A professor recently referred two students to Student Judicial Affairs (SJA) for what appeared to be unauthorized collaboration during a computer science exam. Another student taking the exam had observed the two students whispering to each other and brought it to the professor’s attention. When the professor compared the two exams after the fact, he also found lengthy identical wrong answers. When the students met individually with an SJA officer, they both stated that one of them had copied from the other during the exam. When asked about the report that they had been talking during the test, both stated that the whispering occurred when the copier asked for help from the other student who responded with “no” and told her to be quiet. What appeared to be unauthorized collaboration was in reality one student copying off of another student without her permission. The student who copied from her friend was placed on Disciplinary Probation and required to complete 10 hours of community service.
A group of graduate students were referred by their professor for suspected unauthorized collaboration on a take-home final after the professor noticed many similarities in their answers while grading the exams. During the students’ individual meetings with a Judicial Officer, they all admitted that they had met up at a group member’s apartment before the exam. They stated that they had intended to complete their take-home exams individually and had only gotten together for the purpose of going out afterwards to celebrate the end of the quarter. However, the exam proved very difficult and the students eventually gave in to temptation and began working together on the exam. The professor had explicitly told the class that the exam was strictly to be taken individually, and had reminded them about integrity and the Code of Academic Conduct. Some of the students involved in the unauthorized collaboration were on provisional acceptance, and they were dismissed from the graduate program. The others were placed on Deferred Separation status.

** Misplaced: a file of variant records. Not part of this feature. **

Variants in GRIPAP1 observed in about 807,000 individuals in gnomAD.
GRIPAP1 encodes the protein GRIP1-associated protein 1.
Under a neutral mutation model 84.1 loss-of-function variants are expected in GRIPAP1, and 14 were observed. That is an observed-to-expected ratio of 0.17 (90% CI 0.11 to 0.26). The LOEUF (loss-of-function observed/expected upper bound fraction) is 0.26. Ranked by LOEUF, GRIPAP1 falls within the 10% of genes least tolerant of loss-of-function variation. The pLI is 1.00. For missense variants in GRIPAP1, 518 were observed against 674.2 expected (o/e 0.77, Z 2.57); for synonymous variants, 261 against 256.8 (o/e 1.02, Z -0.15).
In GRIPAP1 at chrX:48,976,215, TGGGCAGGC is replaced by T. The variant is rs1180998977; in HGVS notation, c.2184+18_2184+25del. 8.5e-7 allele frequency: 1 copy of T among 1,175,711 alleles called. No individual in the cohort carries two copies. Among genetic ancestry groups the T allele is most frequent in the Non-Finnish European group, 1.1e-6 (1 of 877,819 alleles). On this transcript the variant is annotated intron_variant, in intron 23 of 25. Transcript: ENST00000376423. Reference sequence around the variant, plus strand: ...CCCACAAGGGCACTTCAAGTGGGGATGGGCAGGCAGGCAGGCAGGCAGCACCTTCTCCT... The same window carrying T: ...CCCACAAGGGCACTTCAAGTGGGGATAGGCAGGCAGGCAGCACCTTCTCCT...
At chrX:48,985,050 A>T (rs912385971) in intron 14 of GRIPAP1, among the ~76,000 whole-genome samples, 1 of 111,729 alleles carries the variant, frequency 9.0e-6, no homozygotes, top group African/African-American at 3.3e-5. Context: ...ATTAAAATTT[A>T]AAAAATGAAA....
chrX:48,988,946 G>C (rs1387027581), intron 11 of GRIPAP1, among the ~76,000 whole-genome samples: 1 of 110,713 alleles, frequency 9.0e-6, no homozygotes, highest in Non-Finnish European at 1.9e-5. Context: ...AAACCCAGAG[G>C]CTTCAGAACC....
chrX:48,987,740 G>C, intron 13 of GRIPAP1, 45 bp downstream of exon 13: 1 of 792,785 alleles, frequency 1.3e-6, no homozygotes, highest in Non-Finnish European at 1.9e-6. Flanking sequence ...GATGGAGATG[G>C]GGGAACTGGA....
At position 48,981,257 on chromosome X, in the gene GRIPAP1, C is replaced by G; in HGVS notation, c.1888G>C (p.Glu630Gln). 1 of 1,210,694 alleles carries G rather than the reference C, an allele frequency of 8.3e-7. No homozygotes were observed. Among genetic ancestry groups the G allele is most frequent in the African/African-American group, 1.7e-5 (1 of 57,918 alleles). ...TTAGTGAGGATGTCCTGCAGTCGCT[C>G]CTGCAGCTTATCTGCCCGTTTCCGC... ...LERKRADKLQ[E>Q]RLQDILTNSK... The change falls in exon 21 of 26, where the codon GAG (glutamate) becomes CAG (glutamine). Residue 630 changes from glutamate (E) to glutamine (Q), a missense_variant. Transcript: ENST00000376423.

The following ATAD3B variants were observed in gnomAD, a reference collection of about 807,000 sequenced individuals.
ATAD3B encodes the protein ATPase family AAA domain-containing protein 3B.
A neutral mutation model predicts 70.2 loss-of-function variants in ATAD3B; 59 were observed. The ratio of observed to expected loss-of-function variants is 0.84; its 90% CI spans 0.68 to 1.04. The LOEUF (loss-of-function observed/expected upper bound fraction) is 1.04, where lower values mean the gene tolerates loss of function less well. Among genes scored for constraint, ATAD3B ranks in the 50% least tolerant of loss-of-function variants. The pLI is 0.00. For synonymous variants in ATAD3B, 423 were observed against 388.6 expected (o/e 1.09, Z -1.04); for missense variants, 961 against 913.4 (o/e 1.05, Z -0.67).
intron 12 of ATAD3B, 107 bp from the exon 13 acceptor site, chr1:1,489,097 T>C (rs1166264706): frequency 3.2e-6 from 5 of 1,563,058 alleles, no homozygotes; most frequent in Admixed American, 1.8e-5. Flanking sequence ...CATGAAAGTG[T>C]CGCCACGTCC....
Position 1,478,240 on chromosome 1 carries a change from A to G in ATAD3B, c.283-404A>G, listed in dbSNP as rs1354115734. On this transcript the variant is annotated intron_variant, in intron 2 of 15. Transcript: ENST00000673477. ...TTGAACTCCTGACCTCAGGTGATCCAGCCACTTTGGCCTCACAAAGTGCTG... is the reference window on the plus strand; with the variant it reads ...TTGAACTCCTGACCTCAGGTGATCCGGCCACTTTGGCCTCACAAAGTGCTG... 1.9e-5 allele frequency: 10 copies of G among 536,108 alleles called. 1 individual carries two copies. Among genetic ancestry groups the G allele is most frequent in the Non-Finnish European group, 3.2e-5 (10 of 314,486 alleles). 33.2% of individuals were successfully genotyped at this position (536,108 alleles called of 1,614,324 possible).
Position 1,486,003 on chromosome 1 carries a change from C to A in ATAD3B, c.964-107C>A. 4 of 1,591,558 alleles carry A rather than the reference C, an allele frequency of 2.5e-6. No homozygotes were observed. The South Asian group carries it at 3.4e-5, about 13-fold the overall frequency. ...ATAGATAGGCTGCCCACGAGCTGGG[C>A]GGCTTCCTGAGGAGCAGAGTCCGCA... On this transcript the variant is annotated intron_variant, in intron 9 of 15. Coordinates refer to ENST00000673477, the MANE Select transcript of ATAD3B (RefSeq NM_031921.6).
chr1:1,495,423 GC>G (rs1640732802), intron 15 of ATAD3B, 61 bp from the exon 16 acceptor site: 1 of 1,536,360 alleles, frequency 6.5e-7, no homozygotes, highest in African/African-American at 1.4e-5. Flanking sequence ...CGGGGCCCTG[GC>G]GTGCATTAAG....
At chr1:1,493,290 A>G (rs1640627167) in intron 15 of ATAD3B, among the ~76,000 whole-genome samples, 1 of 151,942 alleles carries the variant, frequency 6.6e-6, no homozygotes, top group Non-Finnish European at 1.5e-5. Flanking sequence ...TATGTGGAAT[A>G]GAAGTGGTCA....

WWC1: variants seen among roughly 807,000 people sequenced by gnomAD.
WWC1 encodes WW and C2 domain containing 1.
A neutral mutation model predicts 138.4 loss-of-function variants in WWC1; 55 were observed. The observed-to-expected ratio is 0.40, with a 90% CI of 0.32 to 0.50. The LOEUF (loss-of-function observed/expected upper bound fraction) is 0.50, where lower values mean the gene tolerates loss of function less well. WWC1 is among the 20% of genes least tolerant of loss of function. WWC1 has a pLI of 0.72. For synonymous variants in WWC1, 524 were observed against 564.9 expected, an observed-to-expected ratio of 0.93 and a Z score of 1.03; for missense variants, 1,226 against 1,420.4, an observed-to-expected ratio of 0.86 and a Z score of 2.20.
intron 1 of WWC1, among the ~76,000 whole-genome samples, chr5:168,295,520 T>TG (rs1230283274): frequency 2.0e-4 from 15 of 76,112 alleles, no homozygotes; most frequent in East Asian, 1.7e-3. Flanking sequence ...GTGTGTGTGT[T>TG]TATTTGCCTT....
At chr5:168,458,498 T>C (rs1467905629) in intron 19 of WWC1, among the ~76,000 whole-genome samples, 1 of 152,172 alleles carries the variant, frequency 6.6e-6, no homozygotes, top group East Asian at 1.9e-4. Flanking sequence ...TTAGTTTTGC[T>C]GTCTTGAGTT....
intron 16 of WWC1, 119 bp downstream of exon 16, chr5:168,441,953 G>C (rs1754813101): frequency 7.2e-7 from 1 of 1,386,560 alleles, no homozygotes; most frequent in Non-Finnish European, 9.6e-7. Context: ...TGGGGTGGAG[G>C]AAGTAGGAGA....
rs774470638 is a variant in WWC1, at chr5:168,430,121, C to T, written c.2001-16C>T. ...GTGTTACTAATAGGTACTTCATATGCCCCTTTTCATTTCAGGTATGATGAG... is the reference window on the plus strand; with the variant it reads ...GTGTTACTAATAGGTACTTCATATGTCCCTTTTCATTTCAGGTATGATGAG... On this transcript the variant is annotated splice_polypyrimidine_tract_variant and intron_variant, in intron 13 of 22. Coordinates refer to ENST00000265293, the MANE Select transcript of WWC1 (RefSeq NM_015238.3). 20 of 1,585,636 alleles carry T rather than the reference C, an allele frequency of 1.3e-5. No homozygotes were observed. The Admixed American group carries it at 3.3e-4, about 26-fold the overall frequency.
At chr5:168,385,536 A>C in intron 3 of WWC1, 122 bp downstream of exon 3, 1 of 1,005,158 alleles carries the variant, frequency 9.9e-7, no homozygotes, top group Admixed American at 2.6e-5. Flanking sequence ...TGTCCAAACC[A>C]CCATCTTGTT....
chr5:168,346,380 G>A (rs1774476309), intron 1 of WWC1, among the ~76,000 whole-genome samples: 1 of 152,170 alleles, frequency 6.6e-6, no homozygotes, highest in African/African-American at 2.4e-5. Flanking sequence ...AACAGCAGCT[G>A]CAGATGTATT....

Two students were referred to SJA for suspected unauthorized collaboration during two exams in a lower-division science class. The professor observed what appeared to be the two students looking at each other’s test papers and working on answers together. Upon inspection of the tests, the professor discovered a substantial number of shared wrong answers and shared odd misspellings on both tests. During meetings with a Judicial Officer, the students stated that they are good friends and admitted to collaborating during both exams. The students agreed to be placed on Disciplinary Probation, to complete 30 hours of community service each and not to sit next to each other or with other friends or study partners for all future exams at UC Davis.